|Wife||According to Dr. Dineshchandra Sarkar the entire land in the south of Bindhya parvat was Goutamiputra Satkarani's kingdom.|
Gautamiputra Satakarni (Telugu: గౌతమిపుత్ర శాతకర్ణి (gautamiputra śatakarṇi); Marathi: गौतमीपुत्र सातकर्णि (gautamīputra śatakarṇi); also known as Shalivahana) (c. 78–102 CE) was the twenty-third ruler of the Satavahana Empire.
We know about him from an inscription composed by his mother, Gautami Balashri. Gautamiputra Satakarni, often acknowledged by historians as the greatest of the Satavahana rulers, took to the throne after his father, Satakarni. Satakarni had earlier expanded the Satavahana Empire and gained considerable prosperity due to his two Ashwamedha sacrifices. When Gautamiputra ascended the throne, the Satavahana Empire was loosely attached and was facing the threats of foreign invasions from Sakas and Yavanas. Gautamiputra defeated the Yavanas, Sakas, and Pahlavas and re-established the ancient glory of the Satavahanas. The Shaka rulers Nahapana and Ushavadata were ultimately defeated by the powerful Satavahana king Gautamiputra Satakarni. Gautamiputra drove the Sakas from Malwa and Western Maharashtra, forcing Nahapana west to Gujarat. Gautamiputra restruck many of Nahapana's coins. He overthrew Nahapana and restruck a large number of Ksaharata coins of the Jogalthembi hoard.
The Nasik Prasasti describes Gautamiputra as the ruler of the Aparanta, Anupa, Saurashtra, Kukura, Akara, and Avanti, and he must have wrested them from Nahapana. He also seems to have recovered the territories in Central Deccan, which had been lost by the Satavahanas during the earlier rule of his predecessors. Under him, the Satavahana arms must have reached as far south as Kanchi. He is also credited with the conquest of territories in the Kolhapur area in the Southern Maharashtra, which he seized from the Ananda rulers. Gautamiputra also annexed the Banavasi area, thus established his sway over portions of Karnataka. He was succeeded by his son, Vasisthiputra Sri Pulamavi in about 130 AD.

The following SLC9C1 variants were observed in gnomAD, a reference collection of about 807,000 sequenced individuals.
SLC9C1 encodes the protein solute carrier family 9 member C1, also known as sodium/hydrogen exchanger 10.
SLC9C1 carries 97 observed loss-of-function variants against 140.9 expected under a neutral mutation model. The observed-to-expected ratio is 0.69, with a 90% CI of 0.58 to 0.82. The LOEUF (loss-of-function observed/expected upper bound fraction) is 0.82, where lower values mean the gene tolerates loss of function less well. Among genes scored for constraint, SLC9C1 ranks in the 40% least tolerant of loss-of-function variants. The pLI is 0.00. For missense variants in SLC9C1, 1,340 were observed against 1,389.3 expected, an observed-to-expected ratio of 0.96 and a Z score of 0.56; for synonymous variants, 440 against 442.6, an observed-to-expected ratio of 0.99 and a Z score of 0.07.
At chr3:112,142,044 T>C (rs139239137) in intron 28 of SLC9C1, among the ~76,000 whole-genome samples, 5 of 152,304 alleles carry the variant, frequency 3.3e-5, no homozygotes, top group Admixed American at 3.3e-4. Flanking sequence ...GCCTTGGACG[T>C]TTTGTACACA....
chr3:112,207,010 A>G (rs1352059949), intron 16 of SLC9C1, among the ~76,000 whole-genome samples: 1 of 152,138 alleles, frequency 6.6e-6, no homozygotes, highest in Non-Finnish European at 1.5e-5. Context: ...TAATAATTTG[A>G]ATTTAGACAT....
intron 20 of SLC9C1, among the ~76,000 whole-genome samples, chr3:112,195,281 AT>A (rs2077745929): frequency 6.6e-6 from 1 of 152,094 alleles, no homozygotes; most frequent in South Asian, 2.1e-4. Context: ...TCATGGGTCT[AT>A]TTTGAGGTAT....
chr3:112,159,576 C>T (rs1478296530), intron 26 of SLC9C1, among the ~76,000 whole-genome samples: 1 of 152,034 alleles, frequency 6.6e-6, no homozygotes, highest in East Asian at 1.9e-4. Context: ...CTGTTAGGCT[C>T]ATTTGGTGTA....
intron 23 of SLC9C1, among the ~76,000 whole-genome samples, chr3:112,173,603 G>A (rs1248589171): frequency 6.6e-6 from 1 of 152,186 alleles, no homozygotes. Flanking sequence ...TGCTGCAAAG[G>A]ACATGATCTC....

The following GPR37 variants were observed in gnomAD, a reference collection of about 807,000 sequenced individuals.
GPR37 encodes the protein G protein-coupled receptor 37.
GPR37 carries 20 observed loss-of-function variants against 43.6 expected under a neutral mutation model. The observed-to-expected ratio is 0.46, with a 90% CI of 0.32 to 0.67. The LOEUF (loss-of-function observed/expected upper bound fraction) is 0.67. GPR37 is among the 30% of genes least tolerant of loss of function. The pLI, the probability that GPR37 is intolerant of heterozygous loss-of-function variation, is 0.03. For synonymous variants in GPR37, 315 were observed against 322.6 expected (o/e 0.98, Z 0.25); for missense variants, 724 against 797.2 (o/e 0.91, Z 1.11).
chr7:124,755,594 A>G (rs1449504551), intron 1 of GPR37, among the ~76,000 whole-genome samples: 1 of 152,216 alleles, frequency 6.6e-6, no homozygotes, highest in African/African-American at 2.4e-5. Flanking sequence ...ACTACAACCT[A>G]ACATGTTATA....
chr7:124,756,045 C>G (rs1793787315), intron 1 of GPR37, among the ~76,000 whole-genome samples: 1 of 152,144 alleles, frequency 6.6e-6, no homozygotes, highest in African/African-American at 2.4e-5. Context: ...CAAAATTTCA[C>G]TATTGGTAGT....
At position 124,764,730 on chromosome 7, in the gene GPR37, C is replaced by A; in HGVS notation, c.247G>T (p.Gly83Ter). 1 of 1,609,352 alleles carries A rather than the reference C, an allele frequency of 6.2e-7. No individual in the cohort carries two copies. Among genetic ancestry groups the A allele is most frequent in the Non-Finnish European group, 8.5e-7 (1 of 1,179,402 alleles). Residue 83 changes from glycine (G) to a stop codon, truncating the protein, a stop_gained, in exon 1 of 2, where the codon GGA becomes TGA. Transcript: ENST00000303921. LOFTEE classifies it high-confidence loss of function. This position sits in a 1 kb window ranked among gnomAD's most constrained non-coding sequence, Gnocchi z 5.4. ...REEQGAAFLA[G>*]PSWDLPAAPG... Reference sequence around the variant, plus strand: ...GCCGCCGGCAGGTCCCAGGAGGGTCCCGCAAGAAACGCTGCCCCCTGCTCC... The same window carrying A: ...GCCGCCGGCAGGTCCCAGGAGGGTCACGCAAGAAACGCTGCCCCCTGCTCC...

Etymology of the Name
Gautamiputra Satakarni bears a name which has made some historians entertain a theory regarding matriarchy among the Satavahanas. He is called Gautamiputra even as there is another ruler called Vasishtiputra Sri Pulumayi and yet another Kausikiputra Satakarni and these mean Satakarni son of Gautami, Sri Pulumayi son of Vasishti and Satakarni son of Kausiki and in these cases Gautami, Vasishti and Kausiki were the names of the mothers of these rulers respectively.
That they prefix their mother's names to theirs seems to mean to these historians that they derive themselves in the female line and not in the male line thereby suggesting matriarchy. This is not acceptable for there is no other evidence to support such a radical conclusion and even in Kerala matriarchy came in much later, certainly not before a few centuries after the Sangam age.
The real explanation for this kind of matronymic seems to be that since the rulers married a number of wives from different royal families a prince was best identified with reference to his mother. This practice is found reflected in the system adopted in the colophons to the Padirruppattu a Tamil Sangam anthology in which early Chera genealogy is mentioned. Gautamiputra was very charitable and there is a record which mentions his gift of a piece of land which had originally belonged to one Ushavadatta. Vasishtiputra Sri Pulumayi (AD 130-158)
Gautamiputra Satakarni took the titles of:
- Trisamudrapitatoyavahana (one whose horses had drunk waters from 3 oceans)
- Sakayavanapallavanisudana (destroyer of Saka, Yavana and Pahlavas)
Vasisthiputra Sri Pulamavi
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